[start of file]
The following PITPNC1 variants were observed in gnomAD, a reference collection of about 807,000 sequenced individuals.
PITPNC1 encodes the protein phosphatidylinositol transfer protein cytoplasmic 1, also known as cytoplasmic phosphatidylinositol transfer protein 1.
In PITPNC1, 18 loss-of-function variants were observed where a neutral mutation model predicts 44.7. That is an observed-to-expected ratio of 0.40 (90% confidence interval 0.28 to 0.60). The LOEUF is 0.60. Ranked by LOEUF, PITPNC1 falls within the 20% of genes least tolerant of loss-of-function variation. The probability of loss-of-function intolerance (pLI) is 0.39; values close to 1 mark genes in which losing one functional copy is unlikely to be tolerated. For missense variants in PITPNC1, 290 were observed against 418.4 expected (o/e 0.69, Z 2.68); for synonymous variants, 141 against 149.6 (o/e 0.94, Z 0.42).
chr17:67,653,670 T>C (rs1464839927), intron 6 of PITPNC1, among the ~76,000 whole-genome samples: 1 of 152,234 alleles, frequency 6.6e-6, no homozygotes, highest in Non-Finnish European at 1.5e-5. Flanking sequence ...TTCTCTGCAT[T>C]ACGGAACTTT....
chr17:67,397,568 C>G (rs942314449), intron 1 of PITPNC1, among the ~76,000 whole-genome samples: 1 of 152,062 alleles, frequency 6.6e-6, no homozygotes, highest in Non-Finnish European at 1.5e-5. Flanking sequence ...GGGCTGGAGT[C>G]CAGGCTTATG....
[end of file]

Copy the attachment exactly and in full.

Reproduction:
The following PITPNC1 variants were observed in gnomAD, a reference collection of about 807,000 sequenced individuals.
PITPNC1 encodes the protein phosphatidylinositol transfer protein cytoplasmic 1, also known as cytoplasmic phosphatidylinositol transfer protein 1.
In PITPNC1, 18 loss-of-function variants were observed where a neutral mutation model predicts 44.7. That is an observed-to-expected ratio of 0.40 (90% confidence interval 0.28 to 0.60). The LOEUF is 0.60. Ranked by LOEUF, PITPNC1 falls within the 20% of genes least tolerant of loss-of-function variation. The probability of loss-of-function intolerance (pLI) is 0.39; values close to 1 mark genes in which losing one functional copy is unlikely to be tolerated. For missense variants in PITPNC1, 290 were observed against 418.4 expected (o/e 0.69, Z 2.68); for synonymous variants, 141 against 149.6 (o/e 0.94, Z 0.42).
chr17:67,653,670 T>C (rs1464839927), intron 6 of PITPNC1, among the ~76,000 whole-genome samples: 1 of 152,234 alleles, frequency 6.6e-6, no homozygotes, highest in Non-Finnish European at 1.5e-5. Flanking sequence ...TTCTCTGCAT[T>C]ACGGAACTTT....
chr17:67,397,568 C>G (rs942314449), intron 1 of PITPNC1, among the ~76,000 whole-genome samples: 1 of 152,062 alleles, frequency 6.6e-6, no homozygotes, highest in Non-Finnish European at 1.5e-5. Flanking sequence ...GGGCTGGAGT[C>G]CAGGCTTATG....